I found the locals regard for lawns and gardens there somewhat fascinating. New lawns were being laid, shrubs and trees planted,etc. in the height of a drought! Watering was everywhere in the evenings and running down the street. You would think that there was an abundance. Denial takes many forms. “Keep calm and carry on” .. may be popular on T-shirts but sometimes you have to stop and think and do something different.

Thomas March 3, 2014 at 10:12 pm

Uh, I see what you mean. What a load of crap. They still peddle the Myth that Patrick Moore was a Greenpeace founder / turned Global Warming denier. The truth is rather different: Moore has for the past 25 years been a paid consultant for some of the largest polluting industries and never was a founder of Greenpeace or their spokesperson.

andyS March 4, 2014 at 10:30 am

Moore was an early member of Greenpeace, and left in 1985.
He was involved with the anti-whaling, anti-nuclear testing and anti-sealing campaigns. He was also President of Greenpeace Canada

According to the Wikipedia article cited, “Moore was quickly accepted into the inner circle on the basis of his scientific background, his reputation [as an environmental activist], and his ability to inject practical, no-nonsense insights into the discussions”

This is also described in his book “Confessions of a Greenpeace Dropout”. He makes no illusion that he is still involved with Greenpeace.

He claims that he left Greenpeace when it became an organisation that became over-politised and left its science based roots.

He may well be a paid lobbyist by the nuclear industry, but I hardly see that is a problem if he is transparent about it. Many industries employ environmental companies as lobbyists to represent their case.

Greenpeace today, naturally want to distance themselves from Moore as he is openly hostile towards them. However, the rather weak hatchet job on the Greenpeace website doesn’t really do much justice, in my view.

Gareth March 4, 2014 at 10:53 am

Unfortunately Moore seems happy to present himself, or allow himself to be presented as a “co-founder” of Greenpeace, when he clearly wasn’t. If he said he was an “early member” or “former president of GP Canada” there would be no complaint.

However, CV inflation does seem to crop up an awful lot amongst those arguing for inaction (cf Tim Ball).

Ian Forrester March 5, 2014 at 3:21 pm

As usual AndyS gets it all wrong:

He claims that he left Greenpeace when it became an organisation that became over-politised and left its science based roots.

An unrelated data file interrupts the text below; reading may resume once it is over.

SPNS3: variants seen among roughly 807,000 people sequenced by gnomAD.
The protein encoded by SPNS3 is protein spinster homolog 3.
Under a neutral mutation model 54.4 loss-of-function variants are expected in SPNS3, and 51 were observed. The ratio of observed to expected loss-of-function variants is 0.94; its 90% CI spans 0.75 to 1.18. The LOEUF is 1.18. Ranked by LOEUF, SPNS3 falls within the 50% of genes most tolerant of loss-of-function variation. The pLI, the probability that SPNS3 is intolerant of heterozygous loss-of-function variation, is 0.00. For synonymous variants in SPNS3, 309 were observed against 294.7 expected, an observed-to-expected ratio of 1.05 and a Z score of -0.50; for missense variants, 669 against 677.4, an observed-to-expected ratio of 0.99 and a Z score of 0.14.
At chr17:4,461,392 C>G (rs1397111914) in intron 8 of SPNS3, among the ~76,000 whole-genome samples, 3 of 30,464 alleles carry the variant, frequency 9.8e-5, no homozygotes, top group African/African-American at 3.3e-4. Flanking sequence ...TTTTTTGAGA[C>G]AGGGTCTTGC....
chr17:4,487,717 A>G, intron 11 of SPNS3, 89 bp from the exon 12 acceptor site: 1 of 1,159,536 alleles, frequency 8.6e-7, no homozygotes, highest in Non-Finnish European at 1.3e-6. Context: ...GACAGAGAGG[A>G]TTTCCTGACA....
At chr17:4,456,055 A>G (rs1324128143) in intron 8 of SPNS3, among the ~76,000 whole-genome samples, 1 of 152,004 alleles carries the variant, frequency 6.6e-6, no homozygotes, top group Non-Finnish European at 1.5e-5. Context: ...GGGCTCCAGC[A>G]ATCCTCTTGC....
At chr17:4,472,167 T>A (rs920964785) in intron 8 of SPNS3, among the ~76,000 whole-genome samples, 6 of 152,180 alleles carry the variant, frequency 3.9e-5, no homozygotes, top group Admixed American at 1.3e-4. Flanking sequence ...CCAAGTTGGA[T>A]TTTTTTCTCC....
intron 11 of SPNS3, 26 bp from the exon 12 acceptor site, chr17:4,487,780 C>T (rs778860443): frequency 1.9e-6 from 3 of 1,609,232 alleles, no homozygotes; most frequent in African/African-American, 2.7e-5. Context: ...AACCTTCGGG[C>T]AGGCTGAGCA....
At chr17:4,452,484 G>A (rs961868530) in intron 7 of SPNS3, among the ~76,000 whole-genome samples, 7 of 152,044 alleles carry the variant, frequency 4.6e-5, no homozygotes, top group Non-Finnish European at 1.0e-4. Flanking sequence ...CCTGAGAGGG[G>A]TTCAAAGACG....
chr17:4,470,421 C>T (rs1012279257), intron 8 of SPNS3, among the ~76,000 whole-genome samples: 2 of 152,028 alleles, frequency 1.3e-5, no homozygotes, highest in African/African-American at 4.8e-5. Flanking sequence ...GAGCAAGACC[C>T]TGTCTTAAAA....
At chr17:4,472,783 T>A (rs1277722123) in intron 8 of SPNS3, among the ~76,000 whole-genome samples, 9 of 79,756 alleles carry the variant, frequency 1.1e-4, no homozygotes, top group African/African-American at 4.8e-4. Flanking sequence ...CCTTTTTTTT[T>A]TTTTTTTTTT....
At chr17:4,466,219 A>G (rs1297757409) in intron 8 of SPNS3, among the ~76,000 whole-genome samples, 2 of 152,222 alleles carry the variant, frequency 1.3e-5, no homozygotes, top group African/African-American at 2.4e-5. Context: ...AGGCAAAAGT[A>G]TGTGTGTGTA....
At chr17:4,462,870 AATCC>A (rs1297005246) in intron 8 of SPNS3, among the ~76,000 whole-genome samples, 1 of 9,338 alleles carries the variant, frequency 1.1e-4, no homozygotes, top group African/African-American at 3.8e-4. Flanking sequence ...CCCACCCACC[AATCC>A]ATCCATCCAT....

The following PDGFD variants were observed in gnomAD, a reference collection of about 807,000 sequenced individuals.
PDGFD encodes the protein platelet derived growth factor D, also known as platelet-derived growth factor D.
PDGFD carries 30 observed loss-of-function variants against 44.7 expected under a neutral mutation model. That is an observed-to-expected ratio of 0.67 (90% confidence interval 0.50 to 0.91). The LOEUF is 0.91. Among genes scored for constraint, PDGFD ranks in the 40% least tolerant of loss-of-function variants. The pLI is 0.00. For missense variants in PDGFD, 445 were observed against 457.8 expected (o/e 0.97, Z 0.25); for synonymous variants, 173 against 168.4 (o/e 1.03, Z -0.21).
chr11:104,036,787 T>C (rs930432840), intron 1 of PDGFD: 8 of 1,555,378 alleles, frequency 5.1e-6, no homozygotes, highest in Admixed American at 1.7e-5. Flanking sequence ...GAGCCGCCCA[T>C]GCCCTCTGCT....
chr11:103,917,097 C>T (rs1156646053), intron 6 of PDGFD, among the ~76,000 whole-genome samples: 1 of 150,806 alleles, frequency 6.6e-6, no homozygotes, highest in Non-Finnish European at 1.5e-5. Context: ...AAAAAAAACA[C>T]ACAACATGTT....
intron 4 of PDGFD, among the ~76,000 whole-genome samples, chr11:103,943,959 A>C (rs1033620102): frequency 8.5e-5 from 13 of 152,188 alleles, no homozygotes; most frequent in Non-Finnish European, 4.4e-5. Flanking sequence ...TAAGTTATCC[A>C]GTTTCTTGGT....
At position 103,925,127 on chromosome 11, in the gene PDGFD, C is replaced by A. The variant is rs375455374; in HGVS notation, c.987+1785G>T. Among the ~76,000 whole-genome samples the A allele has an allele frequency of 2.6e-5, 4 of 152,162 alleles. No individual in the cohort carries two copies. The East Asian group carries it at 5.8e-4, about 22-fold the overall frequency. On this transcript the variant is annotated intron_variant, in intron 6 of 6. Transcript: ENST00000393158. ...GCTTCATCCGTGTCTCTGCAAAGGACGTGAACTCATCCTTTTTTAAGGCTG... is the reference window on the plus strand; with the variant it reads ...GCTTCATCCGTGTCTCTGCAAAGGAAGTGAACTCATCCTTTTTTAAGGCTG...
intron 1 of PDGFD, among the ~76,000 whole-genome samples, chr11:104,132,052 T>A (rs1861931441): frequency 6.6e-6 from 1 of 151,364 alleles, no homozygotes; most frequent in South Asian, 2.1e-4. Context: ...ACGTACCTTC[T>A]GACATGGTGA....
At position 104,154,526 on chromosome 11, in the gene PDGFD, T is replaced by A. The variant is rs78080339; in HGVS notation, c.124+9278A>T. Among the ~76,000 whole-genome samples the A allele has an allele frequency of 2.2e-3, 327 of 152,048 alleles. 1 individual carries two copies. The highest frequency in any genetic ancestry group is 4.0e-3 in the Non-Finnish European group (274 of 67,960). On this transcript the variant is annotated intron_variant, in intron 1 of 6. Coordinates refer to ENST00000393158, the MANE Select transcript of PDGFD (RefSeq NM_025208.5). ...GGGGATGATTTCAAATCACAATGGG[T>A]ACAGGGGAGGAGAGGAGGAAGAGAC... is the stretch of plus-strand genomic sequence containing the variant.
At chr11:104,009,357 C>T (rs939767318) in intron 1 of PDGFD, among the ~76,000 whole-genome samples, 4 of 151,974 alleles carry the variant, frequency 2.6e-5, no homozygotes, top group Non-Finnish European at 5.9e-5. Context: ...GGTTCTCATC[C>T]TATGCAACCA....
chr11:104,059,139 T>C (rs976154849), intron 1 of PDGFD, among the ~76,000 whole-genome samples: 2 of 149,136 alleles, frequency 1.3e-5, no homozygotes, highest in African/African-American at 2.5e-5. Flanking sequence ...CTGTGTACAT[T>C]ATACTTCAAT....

Moore is the one who left his science based roots and became a PR shill for polluting industries. Most of science funded by Greenpeace is as good as any conducted by Universities or Institutions, in fact they usually contract out to those same places.

Here is a good comment on Moore’s ethics and standards:

andyS March 5, 2014 at 3:25 pm

The sentence I wrote was this.
He claims that he left Greenpeace when it became an organisation that became over-politised and left its science based roots.

So how does this make me wrong, when I am merely quoting his point of view?

[Pointless snark snipped. GR]

Ian Forrester March 5, 2014 at 4:08 pm

I guess it doesn’t make you wrong, it only shows your gullibility and refusal to actually double check what dis-informers such as Moore say and seek out the truth.

andyS March 5, 2014 at 4:11 pm

How can I be “gullible” by stating what he claims in his book? I don’t have to agree with it to state it, so I?

andyS March 5, 2014 at 5:20 pm

So tell me Ian, what is “the truth” with regard to GMOs?

I understand that there any many points of view on this issue.
Mark Lynas, for example, ran an anti-GMO campaign some years ago, and has since changed his position, and thinks that the use of GMO can fight “climate change” (not sure how)

Just because Greenpeace are anti-GMO and anti-nuclear doesn’t make this the only valid world view.

If you are anti-big corporation, then you should take a look at who the big wind and solar energy companies are

bill March 5, 2014 at 11:28 pm

Alright, I’m dumb enough to ask – why the golliwog? Anything beyond playing the junior-primary provocateur?

andyS March 6, 2014 at 9:49 am

To answer Bill’s question, “Mr Golly” (as he is now known) is a hand-knitted soft toy bought from a small craft shop in the village of Dunsandel which is 30 mins south of Christchurch NZ.

Ian Forrester March 6, 2014 at 5:42 am

There is a lot to say about the “truth” or otherwise about GMOs and their promotion but this would be off topic on this thread. If Gareth wants a discussion on the real truth about GMOs he can start a new thread and I would be happy to participate.

Gareth March 6, 2014 at 9:00 am

Yes: GMOs are way off topic on this thread and almost any other at this climate blog.

I will say this though: if you consider yourself rational – with views based on the facts of the matter – you should not pick and choose where you apply that rationality. Facts is facts and can sometimes be uncomfortable. You have to live with that, whether it be climate science or genome manipulation.

Rob Taylor March 3, 2014 at 10:10 am

Apple CEO Tim Cook has put climate change deniers in their place:

There’s no room for climate deniers at Apple, CEO Tim Cook said Friday at the company’s annual shareholder meeting.

The National Center for Public Policy Research, a D.C.-based conservative think thank, arrived at the meeting demanding that the board not pursue any environmental initiatives that hurt the company’s bottom line. The group’s proposal would have required Apple to disclose the costs of such initiatives and to be more transparent about its relationship with “certain trade associations and business organizations promoting the amorphous concept of environmental sustainability”.